If you are available and would like to be involved, please email us at greentheatreproject@gmail.com by FRIDAY, AUGUST 27 by 5:00pm.

In other news….

To match our new phase of development we have a new name: Green Stage! Look out for a website soon!

Thanks!

-Lisa and Rosie

RETHINK Contemporary Art & Climate Change

Finally got to see some of RETHINK; it’s a wonderful exhibition. The Saraceno is gigantic, but the human biosphere, suspended high in the air, was closed for repair today so I wan’t able to go in it, which saved my vertigo.

Allora & Calzadilla’s A Man Screaming Is Not A Dancing Bear (2008) is stunning. Filmed in New Orleans, post-Katrina, it’s strange and elegaic. Repeating through the film are moments in which a barely-glimpsed man drums on some abandonded Venetian blinds. It lends an angry, jumpy soundtrack to the slow pans across water-stained walls.

Kerstin Eregenzinger’s Study for Longing/Seeing (2008) was unsettling in a very different way. Sheets of dark, lifeless rubber suddenly twitch unexpectedly, driven by strange spider-arms beneath them. It feels like a landscape that’s coming alive, animated by some strange pulse. “The work,” says the catalogue, “Is a reactive installation using data from seismographs and sensor-based structures to simulate a landscape and its changes. The installation responds partly to movements in the earth outside the exhibition building, and partly to audience movements in the exhibition room itself…”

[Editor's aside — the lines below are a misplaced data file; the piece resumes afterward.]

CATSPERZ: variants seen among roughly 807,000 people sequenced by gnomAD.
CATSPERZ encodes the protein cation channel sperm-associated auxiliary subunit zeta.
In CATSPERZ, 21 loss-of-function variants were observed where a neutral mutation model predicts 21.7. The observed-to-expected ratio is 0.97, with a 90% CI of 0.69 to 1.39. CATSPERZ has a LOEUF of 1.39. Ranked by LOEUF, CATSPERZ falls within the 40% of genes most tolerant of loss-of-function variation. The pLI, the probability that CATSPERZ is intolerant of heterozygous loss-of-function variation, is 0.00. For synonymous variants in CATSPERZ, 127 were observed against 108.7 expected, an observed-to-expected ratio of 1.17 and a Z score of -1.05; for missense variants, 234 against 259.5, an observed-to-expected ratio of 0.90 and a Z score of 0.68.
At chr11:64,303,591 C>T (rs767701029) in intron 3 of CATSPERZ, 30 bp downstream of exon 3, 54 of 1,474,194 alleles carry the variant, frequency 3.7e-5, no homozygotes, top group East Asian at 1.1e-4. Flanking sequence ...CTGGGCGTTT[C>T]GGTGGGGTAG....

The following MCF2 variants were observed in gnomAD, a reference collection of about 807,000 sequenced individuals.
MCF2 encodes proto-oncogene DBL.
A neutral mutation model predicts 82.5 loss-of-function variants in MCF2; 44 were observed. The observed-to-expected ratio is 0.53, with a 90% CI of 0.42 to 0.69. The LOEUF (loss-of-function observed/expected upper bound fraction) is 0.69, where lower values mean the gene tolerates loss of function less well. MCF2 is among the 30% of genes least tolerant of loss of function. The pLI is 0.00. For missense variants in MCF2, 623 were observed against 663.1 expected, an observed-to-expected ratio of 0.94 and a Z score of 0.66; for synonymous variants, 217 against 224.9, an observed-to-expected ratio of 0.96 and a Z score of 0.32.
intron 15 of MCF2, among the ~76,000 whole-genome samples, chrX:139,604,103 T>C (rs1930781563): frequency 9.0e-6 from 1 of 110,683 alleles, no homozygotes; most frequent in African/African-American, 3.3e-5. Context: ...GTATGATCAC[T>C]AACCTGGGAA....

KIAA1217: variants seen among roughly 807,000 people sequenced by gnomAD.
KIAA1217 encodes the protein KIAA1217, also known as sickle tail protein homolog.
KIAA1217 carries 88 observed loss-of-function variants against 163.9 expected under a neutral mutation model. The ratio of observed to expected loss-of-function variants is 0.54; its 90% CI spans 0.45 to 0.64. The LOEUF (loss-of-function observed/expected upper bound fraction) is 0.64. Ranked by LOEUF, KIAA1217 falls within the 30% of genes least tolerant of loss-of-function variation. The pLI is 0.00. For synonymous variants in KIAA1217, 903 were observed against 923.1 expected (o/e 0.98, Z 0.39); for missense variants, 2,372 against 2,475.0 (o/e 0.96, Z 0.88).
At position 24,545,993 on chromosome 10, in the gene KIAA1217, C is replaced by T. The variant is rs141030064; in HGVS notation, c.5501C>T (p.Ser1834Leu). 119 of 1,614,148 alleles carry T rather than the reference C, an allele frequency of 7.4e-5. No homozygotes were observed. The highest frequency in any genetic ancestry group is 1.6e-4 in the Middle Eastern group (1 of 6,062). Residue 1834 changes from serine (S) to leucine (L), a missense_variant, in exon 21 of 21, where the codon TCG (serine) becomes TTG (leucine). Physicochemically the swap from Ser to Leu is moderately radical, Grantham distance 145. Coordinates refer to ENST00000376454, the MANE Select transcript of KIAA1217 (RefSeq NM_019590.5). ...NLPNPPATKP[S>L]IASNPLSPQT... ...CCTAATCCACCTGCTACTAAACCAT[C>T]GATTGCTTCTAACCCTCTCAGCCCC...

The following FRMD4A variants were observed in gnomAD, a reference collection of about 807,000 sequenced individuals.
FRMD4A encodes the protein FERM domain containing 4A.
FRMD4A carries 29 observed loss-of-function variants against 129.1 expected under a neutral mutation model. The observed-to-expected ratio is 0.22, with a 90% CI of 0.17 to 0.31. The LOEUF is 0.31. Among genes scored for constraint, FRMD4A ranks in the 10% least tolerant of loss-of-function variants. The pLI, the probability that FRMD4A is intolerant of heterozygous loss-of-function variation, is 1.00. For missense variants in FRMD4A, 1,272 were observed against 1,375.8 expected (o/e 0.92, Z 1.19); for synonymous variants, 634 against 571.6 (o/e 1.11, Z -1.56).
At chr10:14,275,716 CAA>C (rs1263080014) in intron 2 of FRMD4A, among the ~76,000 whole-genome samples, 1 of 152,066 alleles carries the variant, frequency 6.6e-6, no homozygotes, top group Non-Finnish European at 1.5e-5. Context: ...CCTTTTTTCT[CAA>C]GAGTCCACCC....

Go to RSA Arts & Ecology

New York’s Waterpod; artists of the floating world

When Radical Nature opened, some critics bemoaned the fact that the exhibition was cloistered away from both the environment it discussed, and the audience that it deserved to reach. EXYZT’s wonderful Dalston Mill project was a clear answer to those critics

In New York, The Waterpod – pictured above – has been slowly circumnavigating Manhattan. Conceived by artists Mary Mattingly and Mira Hunter as a literal platform for art, it brings New Yorkers to the water that surrounds their island. Like Dalston Mill it provides not only a space for performaces, artworks and discussions, but it creates a triangulation between food, community and environment. This live-aboard ark grows at least some of its own food and includes its own henhouse.

For a taste of what it’s like to live and work aboard The Waterpod, try this NY Times article, which reveals that the floating pod was built from a variety of donated materials, including metal railings used in a Broadway production of Equus, and foliage print wallpaper recycled from the US soap As The World Turns.

It’s currently moored at Pier 5, Brooklyn Bridge Park but will be moving on to Staten Island after the 17th. Have any readers visited The Waterpod? Did it work?

Photo: thanks to BH301.A7

Go to RSA Arts & Ecology